Boys, Drugs, and Eating Disorders

Contributor: Leigh Bell, BA, writer for Eating Disorder Hope

man doesn't speak to his womanFor a teenage boy, it starts with feeling underweight. Whether he’s truly underweight doesn’t matter: He feels less than the muscular male models showing up more and more, but wearing less and less, in mass media. This boy feels badly about his body, and then, begins feeling depressed. Other kids might tease him, as adolescents tend to do.

The boy, like almost 10 percent of his peers, becomes extremely concerned with getting and keeping a muscular body1. He begins lifting weights, drinking protein shakes, and then becomes one of the 2.5 percent of teenage boys who use supplements, growth hormones, or anabolic steroids to attain the coveted muscular physique.

Steroid Use

Now, this teenage boy using anabolic steroids, which are illegal without a doctor’s prescription, is more likely than his peers to frequently binge drink and use street drugs (Sonneville, 2014). He is also at greater risk to develop an eating disorder.

We don’t hear much about this boy and others like him because the focus is usually women when media, and even research, address the ideal body and lengths people go to attain it.

Remaining the Shadow of a “Female Issue”

Shell-shocked soldier consoled by peer, horizontalAbout 10 million U.S. men have an eating disorder, according to the National Eating Disorder Association (NEDA), but some experts surmise the number is much larger because many men with eating disorders remain in shadows of shame for having what many consider a “female issue.”

Many statistics report males account for about 10 percent of those with eating disorders, but recent studies reveal the number is more like 25 percent, and perhaps, as high as 40 percent. There is little research on eating disorders in boys and teenage males, but we know the problem is increasing and, like many cases of an eating disorder, is often commingled with other issues, especially substance abuse.

The Relationship Between Eating Disorders and Substance Abuse

About 50 percent of men and women with an eating disorder also abuse drugs and/or alcohol, a rate 5 times greater than the general population, NEDA reports. A large Canadian study found men who scored high on an eating disorder self-report measure were two times as likely to have substance abuse problems2.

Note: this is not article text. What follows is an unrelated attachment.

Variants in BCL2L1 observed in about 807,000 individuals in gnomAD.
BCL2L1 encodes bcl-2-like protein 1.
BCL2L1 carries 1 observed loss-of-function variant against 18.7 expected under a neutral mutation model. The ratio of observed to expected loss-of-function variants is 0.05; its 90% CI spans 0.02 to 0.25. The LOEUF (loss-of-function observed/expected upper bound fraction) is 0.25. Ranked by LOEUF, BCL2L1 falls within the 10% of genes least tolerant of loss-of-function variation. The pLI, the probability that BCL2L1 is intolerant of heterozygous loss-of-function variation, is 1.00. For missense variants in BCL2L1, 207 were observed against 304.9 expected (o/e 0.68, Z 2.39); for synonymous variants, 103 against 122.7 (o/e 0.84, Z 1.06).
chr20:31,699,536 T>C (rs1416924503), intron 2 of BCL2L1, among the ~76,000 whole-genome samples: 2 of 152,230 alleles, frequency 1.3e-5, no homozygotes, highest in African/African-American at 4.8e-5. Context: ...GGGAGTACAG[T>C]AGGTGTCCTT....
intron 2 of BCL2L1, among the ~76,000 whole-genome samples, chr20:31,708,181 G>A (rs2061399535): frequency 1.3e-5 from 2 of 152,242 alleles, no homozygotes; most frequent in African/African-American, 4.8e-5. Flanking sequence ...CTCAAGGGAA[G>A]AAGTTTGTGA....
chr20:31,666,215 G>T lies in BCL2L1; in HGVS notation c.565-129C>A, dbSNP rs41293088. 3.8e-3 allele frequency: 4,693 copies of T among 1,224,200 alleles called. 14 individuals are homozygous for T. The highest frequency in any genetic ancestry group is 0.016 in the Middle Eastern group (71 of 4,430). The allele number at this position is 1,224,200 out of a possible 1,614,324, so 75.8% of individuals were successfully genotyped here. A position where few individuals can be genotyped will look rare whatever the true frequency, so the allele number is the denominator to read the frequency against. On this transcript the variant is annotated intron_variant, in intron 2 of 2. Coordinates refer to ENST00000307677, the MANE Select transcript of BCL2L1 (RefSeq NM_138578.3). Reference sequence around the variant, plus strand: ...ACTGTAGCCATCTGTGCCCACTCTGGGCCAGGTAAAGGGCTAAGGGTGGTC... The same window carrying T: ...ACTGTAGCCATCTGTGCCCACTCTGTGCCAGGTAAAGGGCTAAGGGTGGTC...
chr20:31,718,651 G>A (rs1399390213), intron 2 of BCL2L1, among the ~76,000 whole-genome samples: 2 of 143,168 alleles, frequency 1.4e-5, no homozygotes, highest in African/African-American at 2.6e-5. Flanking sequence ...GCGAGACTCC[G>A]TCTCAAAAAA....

Despite little research on young males and eating disorders, we can extrapolate that of young females, which finds girls with eating-disorder symptoms are four times more likely to use inhalants and cocaine3.

The Differing Motivations Between Men and Women

Students on lecturerWhy and how young men use drugs to control their bodies is likely different from the motivation of young women. Girls typically want to be thin and will use appetite-suppressing substances to reduce calorie intake; while most boys, in the quest for bulk and brawn, use muscle-inducing substances, like steroids.

Boys who feel they were underweight were more likely to be victims of bullying and report more depressive symptoms which, in turn, predicts steroid use, according to results from the analysis of nationally representative samples of teenage boys in the United States4.

The Drastic Measures Some Men Are Taking

The issue of distorted body image in boys is underreported. Boys who believe this muscular physique is out of reach are suffering and may be taking drastic measures, according to the analysis.

The drastic measure for muscle and mass may be steroids or human-growth hormones.

Anabolic steroids are synthetic hormones resembling testosterone to promote muscle growth and enhance physical performance. Synthetic human-growth hormones (HGH) mirrors the real hormone produced in the pituitary gland to spur growth in children and teenagers. Teenage boys, especially those involved in sports, are known to use these drugs to increase performance and increase muscle mass.

Where Men Are Seeing Their “Idealized Image”

Father And Teenage Son Having A HugBoys today not only see the ideal physique in magazines, they see it performing on the court and the field. Athletes in high school and college are stronger, faster, and better trained. College freshmen athletes, like Duke Basketball’s 19-year-old Jahlil Okafor, are going pro because they can compete on that level.

The number of high-school students who used synthetic HGH jumped from 5 percent to 11 percent in from in just one year, according to a 2013 confidential survey from the Partnership for Drug-Free Kids. Teenage use of steroids increased from 5 to 7 percent in the same amount of time. Both drugs are dangerous and threaten lifelong side effects like increased risk of heart attack, stroke, liver disease, and some cancers.

Yet a teenage boy who feels skinny and unlikeable may go to any measure to change that.

Community Discussion – Share your thoughts here!

What advice would you give to a coach that is wanting to be aware of a possible eating disorder problem within a player? How can we better equip our coaches and teachers to recognize this growing issue?


About the Author:

Leigh Bell holds a Bachelor of Arts in English with minors in Creative Writing and French from Loyola Marymount University in Los Angeles. She is a published author, journalist with 15 years of experience, and a recipient of the Rosalynn Carter Fellowship for Mental Health Journalism. Leigh is recovered from a near-fatal, decade-long battle with anorexia and the mother of three young, rambunctious children.

Last Updated & Reviewed By: Jacquelyn Ekern, MS, LPC on April 28th, 2015
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